I accept in good part the congratulations of the noble Lord, Lord Peyton, on the elegance of what is being suggested. However, as my noble friend Lord Graham said, it has been done before. When we dealt with the Reserve Forces Bill in 1996 the Opposition neither moved nor spoke to amendments in an attempt to allow the passage of that legislation. Although I should be delighted to accept his congratulations, I shall direct them towards my Chief Whip, whose ingenuity knows no bounds.

On Question, Motion agreed to.

Terrorism Bill

3.17 p.m.

Report received.

Clause 1 [Terrorism: interpretation]:

Lord Bach moved Amendment No. 1:

    Page 1, line 7, leave out subsection (1) and insert--

("(1) In this Act "terrorism" means the use or threat of action where--
(a) the action falls within subsection (1A),
(b) the use or threat is designed to influence the government or to intimidate the public or a section of the public, and
(c) the use or threat is made for the purpose of advancing a political, religious or ideological cause.
(1A) Action falls within this subsection if it--
(a) involves serious violence against a person,
(b) involves serious damage to property,
(c) endangers a person's life,

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(d) creates a serious risk to the health or safety of the public or a section of the public, or
(e) is designed seriously to interfere with or seriously to disrupt an electronic system.
(1B) The use or threat of action falling within subsection (1A) which involves the use of firearms or explosives is terrorism whether or not subsection (1)(b) is satisfied.").

The noble Lord said: My Lords, first, perhaps I may apologise for the absence of my noble friend Lord Bassam, who has taken the Bill through the House thus far. He will of course be in his place at Third Reading. He is not here because he has been asked to represent the Home Office today in Charleroi in Belgium. Before he agreed to do so, he sought the permission of the Opposition Front Bench spokesman. The House will be interested to hear that he was granted that permission.

Lord Cope of Berkeley: My Lords, I confirm that it seemed to me to be in the national interest that the noble Lord, Lord Bassam, should be about his duties as the Minister with responsibility for football hooligans, even though it meant that other Ministers had to look after the Terrorism Bill.

Lord Bach: My Lords, I am grateful to the noble Lord, Lord Cope of Berkeley. Perhaps he teaches some of his Front Bench a lesson in manners. I know not.

I have had placed in the Printed Paper Office and handed to opposition spokesmen the definition of terrorism that would result if the government amendments to Clause 1 and other clauses were accepted.

I shall speak to Amendments Nos. 1, 3, 4, 24 and 49, as well as the others grouped with them. In the light of the debates on Second Reading and in Committee in your Lordships' House, we have looked again at the definition of terrorism in Clause 1. We have always said that we were prepared to listen to concerns raised about the definition and we have tabled amendments in response to two specific lines of argument. I hope that they will find favour with the House.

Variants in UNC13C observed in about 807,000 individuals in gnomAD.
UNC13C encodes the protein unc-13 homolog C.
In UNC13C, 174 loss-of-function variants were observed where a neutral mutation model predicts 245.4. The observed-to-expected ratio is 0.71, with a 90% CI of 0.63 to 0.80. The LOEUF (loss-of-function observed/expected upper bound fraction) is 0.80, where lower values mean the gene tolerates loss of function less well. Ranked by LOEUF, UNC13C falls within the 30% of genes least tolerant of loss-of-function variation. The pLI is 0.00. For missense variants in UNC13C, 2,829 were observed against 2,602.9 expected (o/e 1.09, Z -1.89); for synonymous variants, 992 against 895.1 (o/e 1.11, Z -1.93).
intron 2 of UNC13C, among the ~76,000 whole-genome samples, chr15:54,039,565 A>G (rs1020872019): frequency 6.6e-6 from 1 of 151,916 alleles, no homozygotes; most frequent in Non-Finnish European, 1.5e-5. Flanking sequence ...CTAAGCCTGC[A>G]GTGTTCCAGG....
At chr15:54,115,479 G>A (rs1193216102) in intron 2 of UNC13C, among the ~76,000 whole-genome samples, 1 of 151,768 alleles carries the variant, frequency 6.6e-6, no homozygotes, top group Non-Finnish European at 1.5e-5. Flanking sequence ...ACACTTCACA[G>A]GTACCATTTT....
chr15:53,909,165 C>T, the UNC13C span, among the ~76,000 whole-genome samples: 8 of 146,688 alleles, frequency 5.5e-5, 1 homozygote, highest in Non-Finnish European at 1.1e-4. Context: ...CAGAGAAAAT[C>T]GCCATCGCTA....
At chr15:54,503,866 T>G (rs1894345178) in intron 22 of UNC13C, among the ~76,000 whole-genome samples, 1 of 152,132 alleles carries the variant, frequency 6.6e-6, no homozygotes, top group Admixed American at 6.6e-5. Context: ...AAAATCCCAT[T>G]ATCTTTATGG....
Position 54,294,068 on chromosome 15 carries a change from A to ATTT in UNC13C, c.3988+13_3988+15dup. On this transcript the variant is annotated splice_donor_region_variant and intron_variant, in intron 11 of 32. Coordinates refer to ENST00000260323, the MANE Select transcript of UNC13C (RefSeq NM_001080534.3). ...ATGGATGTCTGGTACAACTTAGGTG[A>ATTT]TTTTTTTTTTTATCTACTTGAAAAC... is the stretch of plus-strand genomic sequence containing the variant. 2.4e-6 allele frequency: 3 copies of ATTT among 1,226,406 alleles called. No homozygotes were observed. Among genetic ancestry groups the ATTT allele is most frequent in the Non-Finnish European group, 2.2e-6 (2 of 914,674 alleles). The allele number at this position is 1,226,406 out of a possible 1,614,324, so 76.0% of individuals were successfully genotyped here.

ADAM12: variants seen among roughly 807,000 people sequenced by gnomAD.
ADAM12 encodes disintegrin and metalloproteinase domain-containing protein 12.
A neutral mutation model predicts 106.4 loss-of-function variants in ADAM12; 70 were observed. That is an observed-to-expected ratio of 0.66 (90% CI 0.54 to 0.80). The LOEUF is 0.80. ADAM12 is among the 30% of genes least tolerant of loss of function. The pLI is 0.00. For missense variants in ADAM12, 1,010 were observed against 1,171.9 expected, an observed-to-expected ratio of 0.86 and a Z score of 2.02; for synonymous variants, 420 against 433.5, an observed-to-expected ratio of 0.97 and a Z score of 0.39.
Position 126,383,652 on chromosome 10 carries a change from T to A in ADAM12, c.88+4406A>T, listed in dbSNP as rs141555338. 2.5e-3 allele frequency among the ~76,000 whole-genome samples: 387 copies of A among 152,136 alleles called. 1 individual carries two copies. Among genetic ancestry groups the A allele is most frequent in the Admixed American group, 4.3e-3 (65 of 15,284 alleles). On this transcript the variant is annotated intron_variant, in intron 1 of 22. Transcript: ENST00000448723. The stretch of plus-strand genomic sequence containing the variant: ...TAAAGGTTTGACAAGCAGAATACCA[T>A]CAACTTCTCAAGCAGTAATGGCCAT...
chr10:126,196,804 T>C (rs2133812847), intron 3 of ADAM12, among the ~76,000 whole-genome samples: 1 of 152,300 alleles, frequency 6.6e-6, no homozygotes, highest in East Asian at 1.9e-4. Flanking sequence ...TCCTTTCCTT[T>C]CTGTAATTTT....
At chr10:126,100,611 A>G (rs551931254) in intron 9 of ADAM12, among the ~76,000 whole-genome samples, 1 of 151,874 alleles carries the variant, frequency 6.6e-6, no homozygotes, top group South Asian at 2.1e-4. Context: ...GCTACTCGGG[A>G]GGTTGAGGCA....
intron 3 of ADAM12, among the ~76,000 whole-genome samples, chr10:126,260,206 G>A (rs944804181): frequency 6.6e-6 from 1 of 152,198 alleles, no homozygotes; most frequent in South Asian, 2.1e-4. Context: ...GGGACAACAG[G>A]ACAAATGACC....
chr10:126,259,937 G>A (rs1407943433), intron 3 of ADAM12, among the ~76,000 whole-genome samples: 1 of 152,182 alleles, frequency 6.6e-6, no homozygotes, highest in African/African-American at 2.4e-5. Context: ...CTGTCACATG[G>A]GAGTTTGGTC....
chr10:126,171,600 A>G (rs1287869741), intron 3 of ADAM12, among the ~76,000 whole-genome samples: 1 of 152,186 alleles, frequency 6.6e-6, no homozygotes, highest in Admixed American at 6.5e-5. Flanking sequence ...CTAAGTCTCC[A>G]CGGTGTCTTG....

The first change that we propose addresses action designed seriously to interfere with or disrupt an electronic system. It is included to ensure that serious disruption to computer systems to advance a political, religious or ideological cause is covered. Many noble Lords from all sides pressed us during earlier stages of the Bill to take that step, particularly in the wake of recent events. Our amendment is an important improvement to the Bill. As a consequence, the amendments to Clause 113 and Schedule 9 also add offences under the Computer Misuse Act 1990 to the list of scheduled offences in Schedule 9, so that those offences in Northern Ireland can be treated in the same way as other offences that terrorists commit.

We have also introduced an explicit requirement that for an action to be considered terrorism its purpose must, in most circumstances, be to intimidate the public or influence a government. The exception is when firearms or explosives are used. We have provided that to ensure that, for example, assassinations for political or other purposes are

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definitely covered. Of course, normally the terrorist use of firearms or explosives is a wicked attempt to put the public at fear, and often to influence a government as well, but we do not want the police to feel hindered in any way from acting in situations that most, if not all of us would regard as terrorism--such as assassinations--because it was not clear that either of those elements was present.

I hope that the introduction of this second new element to the definition will be welcome. Many have commented that our definition was seriously flawed because it lacked an explicit link with the concept of terror. That has been rectified. I should add in passing that we have moved, as some had suggested, from speaking of serious violence to serious damage to property. I beg to move.